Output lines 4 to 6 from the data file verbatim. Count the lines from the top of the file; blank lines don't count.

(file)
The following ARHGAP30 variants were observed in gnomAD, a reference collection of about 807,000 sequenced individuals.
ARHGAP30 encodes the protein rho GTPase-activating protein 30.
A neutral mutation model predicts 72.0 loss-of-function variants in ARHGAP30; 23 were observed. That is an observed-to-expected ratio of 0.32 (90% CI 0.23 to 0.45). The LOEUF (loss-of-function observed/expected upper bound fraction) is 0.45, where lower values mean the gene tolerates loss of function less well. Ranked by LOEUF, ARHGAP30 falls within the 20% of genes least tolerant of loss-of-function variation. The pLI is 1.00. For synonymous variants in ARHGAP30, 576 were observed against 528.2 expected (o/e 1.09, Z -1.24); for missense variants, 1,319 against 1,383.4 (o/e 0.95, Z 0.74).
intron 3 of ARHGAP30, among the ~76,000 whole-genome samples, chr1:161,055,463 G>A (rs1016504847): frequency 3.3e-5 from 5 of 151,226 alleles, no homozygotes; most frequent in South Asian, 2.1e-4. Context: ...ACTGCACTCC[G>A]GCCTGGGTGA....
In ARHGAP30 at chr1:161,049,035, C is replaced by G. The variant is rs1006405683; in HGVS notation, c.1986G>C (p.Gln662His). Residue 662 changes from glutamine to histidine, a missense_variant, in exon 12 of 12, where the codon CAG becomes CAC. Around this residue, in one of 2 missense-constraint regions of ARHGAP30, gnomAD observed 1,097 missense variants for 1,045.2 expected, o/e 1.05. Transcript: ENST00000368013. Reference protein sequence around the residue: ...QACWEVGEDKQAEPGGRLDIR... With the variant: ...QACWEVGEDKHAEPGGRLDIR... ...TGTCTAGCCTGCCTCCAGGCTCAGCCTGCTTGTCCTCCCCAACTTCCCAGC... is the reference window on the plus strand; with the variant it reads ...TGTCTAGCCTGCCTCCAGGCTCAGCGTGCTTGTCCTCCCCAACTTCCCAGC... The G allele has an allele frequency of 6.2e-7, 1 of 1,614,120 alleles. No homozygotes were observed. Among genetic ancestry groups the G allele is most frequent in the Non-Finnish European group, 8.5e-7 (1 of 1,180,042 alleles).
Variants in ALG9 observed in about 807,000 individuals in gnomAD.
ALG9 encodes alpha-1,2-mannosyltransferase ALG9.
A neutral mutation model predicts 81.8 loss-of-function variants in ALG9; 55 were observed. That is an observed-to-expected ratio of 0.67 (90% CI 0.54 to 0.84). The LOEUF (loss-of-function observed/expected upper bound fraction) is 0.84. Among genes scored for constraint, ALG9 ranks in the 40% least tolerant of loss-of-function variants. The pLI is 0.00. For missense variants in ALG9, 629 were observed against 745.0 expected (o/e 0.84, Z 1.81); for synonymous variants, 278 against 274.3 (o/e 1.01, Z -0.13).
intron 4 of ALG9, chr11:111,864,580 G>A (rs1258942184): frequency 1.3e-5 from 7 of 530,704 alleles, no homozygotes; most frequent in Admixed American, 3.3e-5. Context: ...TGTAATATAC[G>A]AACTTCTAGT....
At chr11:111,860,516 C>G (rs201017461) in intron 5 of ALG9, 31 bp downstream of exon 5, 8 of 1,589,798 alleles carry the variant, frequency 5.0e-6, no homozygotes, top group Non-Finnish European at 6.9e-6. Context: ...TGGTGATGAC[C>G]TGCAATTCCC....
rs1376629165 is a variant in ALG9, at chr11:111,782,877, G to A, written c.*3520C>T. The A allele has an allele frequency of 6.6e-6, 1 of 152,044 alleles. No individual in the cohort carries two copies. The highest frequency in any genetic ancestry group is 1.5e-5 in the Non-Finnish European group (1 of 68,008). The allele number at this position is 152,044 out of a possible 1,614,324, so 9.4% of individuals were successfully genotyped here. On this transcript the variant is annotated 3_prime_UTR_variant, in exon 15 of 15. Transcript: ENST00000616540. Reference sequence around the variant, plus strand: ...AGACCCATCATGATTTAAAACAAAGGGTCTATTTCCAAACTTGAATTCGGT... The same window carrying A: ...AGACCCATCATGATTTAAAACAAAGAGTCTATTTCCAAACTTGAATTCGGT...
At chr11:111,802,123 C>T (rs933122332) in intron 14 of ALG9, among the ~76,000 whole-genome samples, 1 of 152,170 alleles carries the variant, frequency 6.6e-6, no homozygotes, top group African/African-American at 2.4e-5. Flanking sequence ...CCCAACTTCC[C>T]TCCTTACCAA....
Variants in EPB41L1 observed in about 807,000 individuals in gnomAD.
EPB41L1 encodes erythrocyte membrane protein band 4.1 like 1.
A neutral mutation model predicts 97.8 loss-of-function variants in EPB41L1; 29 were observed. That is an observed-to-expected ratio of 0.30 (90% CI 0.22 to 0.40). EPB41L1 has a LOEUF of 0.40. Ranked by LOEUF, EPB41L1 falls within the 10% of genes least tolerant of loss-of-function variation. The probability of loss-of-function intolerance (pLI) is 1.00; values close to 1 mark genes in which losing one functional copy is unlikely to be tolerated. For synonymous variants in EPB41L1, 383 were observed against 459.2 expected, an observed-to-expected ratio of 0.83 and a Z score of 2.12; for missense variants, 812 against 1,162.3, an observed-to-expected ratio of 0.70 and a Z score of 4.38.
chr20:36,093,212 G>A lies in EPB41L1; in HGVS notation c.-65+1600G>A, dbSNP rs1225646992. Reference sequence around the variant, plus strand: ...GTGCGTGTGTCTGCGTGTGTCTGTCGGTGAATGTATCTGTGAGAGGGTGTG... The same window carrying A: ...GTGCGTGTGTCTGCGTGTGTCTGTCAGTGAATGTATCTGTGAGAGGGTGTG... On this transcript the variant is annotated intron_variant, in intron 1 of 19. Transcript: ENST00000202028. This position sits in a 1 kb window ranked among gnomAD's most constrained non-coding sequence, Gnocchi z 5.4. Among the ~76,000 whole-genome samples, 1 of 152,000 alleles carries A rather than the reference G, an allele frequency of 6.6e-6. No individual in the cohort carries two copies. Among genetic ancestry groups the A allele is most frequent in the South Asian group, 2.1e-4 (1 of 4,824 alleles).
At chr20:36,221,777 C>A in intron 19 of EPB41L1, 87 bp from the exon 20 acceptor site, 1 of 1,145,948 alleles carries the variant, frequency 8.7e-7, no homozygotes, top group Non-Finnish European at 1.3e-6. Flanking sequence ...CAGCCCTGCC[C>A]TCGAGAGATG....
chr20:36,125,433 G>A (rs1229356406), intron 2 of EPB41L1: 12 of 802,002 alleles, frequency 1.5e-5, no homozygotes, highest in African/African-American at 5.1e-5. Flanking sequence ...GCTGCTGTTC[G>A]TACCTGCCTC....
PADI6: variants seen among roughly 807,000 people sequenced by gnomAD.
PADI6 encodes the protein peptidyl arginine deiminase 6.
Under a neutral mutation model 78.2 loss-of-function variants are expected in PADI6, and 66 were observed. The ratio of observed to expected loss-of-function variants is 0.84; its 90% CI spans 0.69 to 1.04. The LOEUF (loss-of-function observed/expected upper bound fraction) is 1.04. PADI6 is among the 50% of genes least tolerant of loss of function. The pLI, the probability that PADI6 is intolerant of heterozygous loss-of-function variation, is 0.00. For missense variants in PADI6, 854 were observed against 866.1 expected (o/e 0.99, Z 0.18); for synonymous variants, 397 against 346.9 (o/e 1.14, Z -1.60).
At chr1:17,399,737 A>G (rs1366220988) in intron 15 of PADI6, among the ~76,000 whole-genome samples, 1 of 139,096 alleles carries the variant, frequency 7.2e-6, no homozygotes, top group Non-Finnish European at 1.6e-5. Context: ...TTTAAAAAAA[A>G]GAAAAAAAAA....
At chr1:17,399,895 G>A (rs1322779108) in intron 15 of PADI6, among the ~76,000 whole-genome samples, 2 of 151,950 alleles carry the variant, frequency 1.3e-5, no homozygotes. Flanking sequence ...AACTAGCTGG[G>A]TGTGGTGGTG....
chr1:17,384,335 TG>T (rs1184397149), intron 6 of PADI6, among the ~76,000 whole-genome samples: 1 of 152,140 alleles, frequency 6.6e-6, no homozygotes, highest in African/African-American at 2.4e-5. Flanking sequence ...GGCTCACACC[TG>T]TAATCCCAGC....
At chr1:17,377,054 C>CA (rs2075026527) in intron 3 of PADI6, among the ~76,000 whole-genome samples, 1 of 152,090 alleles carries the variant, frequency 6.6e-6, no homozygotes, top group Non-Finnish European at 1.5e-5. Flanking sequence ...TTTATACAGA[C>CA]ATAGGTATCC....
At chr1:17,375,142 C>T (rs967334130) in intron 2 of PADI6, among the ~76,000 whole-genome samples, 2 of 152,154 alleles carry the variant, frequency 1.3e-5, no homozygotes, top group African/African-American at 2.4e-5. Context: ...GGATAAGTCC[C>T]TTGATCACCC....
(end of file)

intron 3 of ARHGAP30, among the ~76,000 whole-genome samples, chr1:161,055,463 G>A (rs1016504847): frequency 3.3e-5 from 5 of 151,226 alleles, no homozygotes; most frequent in South Asian, 2.1e-4. Context: ...ACTGCACTCC[G>A]GCCTGGGTGA....
In ARHGAP30 at chr1:161,049,035, C is replaced by G. The variant is rs1006405683; in HGVS notation, c.1986G>C (p.Gln662His). Residue 662 changes from glutamine to histidine, a missense_variant, in exon 12 of 12, where the codon CAG becomes CAC. Around this residue, in one of 2 missense-constraint regions of ARHGAP30, gnomAD observed 1,097 missense variants for 1,045.2 expected, o/e 1.05. Transcript: ENST00000368013. Reference protein sequence around the residue: ...QACWEVGEDKQAEPGGRLDIR... With the variant: ...QACWEVGEDKHAEPGGRLDIR... ...TGTCTAGCCTGCCTCCAGGCTCAGCCTGCTTGTCCTCCCCAACTTCCCAGC... is the reference window on the plus strand; with the variant it reads ...TGTCTAGCCTGCCTCCAGGCTCAGCGTGCTTGTCCTCCCCAACTTCCCAGC... The G allele has an allele frequency of 6.2e-7, 1 of 1,614,120 alleles. No homozygotes were observed. Among genetic ancestry groups the G allele is most frequent in the Non-Finnish European group, 8.5e-7 (1 of 1,180,042 alleles).
Variants in ALG9 observed in about 807,000 individuals in gnomAD.